Dermatology Made Easy is based on the most popular topics from DermNet NZ's vast array of material. The book combines the essential focus of the ‘Made Easy’ book series with the authority and knowledge base of DermNet NZ's unparalleled resources.
Author: Vanessa Ngan, Staff Writer, 2004.
The sign of Leser-Telat is a skin disorder characterised by the abrupt appearance of multiple seborrhoeic keratoses that rapidly increase in their size and number. It is caused by an associated cancer and often occurs with malignant acanthosis nigricans.
There is much debate about the validity of the sign of Leser-Trélat as a true paraneoplastic syndrome (skin disorder that arises from the remote effects of a primary tumour or its metastases). Because seborrhoeic keratoses and cancer are both statistically more common in elderly people it is difficult to ascertain whether the keratoses is due to the cancer (ie: a sign of Leser-Telat) or is a condition in its own right. However, the sudden eruption of seborrhoeic keratoses in young patients points to a paraneoplastic process and should prompt an investigation for a hidden cancer.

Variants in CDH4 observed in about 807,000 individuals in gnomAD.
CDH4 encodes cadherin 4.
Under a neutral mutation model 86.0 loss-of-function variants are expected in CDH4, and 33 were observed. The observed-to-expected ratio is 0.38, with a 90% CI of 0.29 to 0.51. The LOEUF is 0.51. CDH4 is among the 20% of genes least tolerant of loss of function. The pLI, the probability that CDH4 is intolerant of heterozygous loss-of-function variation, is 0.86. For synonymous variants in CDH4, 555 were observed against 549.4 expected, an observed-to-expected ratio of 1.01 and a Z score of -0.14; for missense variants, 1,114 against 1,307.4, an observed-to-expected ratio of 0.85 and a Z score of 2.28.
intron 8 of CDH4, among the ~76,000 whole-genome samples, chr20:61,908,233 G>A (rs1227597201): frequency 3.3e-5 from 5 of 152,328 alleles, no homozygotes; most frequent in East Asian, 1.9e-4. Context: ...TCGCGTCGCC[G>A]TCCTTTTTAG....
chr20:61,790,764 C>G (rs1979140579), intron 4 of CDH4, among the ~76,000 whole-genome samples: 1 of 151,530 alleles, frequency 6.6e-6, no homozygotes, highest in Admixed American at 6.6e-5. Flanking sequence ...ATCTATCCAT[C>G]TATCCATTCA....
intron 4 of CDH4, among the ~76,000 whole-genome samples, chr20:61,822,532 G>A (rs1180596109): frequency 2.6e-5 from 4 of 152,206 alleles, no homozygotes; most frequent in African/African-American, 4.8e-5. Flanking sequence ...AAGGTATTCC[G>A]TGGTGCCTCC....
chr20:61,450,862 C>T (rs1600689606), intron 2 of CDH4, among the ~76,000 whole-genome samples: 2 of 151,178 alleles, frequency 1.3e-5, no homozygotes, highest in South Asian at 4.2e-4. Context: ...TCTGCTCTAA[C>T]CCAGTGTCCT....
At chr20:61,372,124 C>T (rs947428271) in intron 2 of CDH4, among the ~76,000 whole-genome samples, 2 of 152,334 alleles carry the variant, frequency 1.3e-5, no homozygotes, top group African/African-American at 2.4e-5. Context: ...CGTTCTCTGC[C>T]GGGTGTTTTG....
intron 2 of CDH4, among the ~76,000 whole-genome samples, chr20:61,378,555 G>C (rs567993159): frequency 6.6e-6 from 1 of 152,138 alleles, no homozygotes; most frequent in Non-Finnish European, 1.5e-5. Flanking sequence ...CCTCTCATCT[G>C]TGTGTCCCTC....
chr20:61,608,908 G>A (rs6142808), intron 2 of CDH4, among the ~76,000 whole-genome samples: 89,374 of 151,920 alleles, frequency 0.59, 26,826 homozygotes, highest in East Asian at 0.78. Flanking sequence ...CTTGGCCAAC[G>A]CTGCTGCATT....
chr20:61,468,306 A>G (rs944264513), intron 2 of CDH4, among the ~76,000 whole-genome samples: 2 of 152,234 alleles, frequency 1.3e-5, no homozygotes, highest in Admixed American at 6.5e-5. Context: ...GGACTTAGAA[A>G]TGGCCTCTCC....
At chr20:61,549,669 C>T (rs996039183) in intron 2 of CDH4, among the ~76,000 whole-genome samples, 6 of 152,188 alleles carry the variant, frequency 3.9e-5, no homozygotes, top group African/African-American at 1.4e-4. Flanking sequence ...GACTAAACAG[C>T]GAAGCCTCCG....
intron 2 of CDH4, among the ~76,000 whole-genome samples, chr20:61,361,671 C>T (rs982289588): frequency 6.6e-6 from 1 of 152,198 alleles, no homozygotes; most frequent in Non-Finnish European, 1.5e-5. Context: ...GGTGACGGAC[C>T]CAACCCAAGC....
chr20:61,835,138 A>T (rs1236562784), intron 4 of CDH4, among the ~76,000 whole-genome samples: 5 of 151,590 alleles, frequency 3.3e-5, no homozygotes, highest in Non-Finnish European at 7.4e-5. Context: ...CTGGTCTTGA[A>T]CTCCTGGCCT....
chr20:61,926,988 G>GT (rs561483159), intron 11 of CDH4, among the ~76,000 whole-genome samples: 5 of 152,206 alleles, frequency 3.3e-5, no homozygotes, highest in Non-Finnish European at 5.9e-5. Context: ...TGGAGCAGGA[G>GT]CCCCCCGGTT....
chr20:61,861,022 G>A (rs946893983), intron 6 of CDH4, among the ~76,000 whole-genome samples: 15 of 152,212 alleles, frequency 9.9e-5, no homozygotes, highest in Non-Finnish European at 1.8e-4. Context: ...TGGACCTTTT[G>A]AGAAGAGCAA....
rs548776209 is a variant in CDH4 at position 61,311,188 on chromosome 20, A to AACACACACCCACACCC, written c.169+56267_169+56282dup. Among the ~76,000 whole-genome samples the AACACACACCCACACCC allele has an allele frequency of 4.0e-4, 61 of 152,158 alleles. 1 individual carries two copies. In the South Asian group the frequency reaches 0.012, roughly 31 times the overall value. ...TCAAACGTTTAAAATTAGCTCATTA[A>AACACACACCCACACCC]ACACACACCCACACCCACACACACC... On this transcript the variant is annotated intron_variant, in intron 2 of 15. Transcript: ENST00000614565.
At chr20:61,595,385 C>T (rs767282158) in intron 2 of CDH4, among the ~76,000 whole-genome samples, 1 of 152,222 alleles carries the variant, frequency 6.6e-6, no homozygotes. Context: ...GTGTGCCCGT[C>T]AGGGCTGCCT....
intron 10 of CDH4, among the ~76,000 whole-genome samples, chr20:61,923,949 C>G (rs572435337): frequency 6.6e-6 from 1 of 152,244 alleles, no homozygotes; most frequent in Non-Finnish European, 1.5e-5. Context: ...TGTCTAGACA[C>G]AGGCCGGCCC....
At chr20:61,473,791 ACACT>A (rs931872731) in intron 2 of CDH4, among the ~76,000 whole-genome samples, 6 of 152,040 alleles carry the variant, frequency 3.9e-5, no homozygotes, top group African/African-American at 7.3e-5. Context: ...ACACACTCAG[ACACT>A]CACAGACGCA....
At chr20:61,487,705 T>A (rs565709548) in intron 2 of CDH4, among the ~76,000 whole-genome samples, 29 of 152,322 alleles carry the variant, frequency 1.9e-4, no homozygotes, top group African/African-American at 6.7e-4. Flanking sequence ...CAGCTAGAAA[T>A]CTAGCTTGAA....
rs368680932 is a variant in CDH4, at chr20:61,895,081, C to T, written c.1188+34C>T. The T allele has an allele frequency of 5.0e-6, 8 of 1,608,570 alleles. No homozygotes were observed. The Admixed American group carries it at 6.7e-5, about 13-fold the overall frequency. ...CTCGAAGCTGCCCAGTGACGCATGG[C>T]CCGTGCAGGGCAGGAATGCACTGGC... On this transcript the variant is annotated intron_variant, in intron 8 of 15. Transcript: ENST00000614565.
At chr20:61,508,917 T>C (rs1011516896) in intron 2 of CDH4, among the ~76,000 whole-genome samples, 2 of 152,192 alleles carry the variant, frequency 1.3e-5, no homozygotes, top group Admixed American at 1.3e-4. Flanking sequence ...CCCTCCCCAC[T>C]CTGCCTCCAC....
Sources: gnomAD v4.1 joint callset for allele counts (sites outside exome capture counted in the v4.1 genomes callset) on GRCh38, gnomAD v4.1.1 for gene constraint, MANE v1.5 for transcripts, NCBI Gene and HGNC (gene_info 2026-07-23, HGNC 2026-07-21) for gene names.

The cause of the sign of Leser-Trélat is unknown. It may possibly be due to the same unknown factors that induce malignant acanthosis nigricans. It is thought that paraneoplastic syndromes are caused by the release of hormones from the tumour but this remains to be proven.
The sign of Leser-Trélat has been linked to a variety of cancers but is mostly associated with an adenocarcinoma of the stomach or colon. Other cancers where the condition has occurred include squamous cell carcinoma, lymphoma and leukaemia. The sign of Leser-Trélat is rare, even among patients with cancer.
The lesions originating from the sign of Leser-Trélat are the same as those found in eruptive seborrhoeic keratoses. They appear as brown warty nodules with a stuck-on appearance. The key indicators to determining a diagnosis of the sign of Leser-Trélat include:
Pruritus (itching) may be the only symptom of the sign of Leser-Trélat and occurs in almost one half of patients.
Lesions of the Sign of Leser-Trélat are harmless and do not require specific treatment. The primary aim of treatment is to treat the underlying cancer. Lesions tend to resolve once the underlying cancer is treated. If necessary, lesions can be removed using various surgical procedures.
Similar to malignant acanthosis nigricans, the prognosis for patients with the sign of Leser-Trélat is often poor. The associated cancer is often advanced and the average survival of these patients is approximately 10.6 months.
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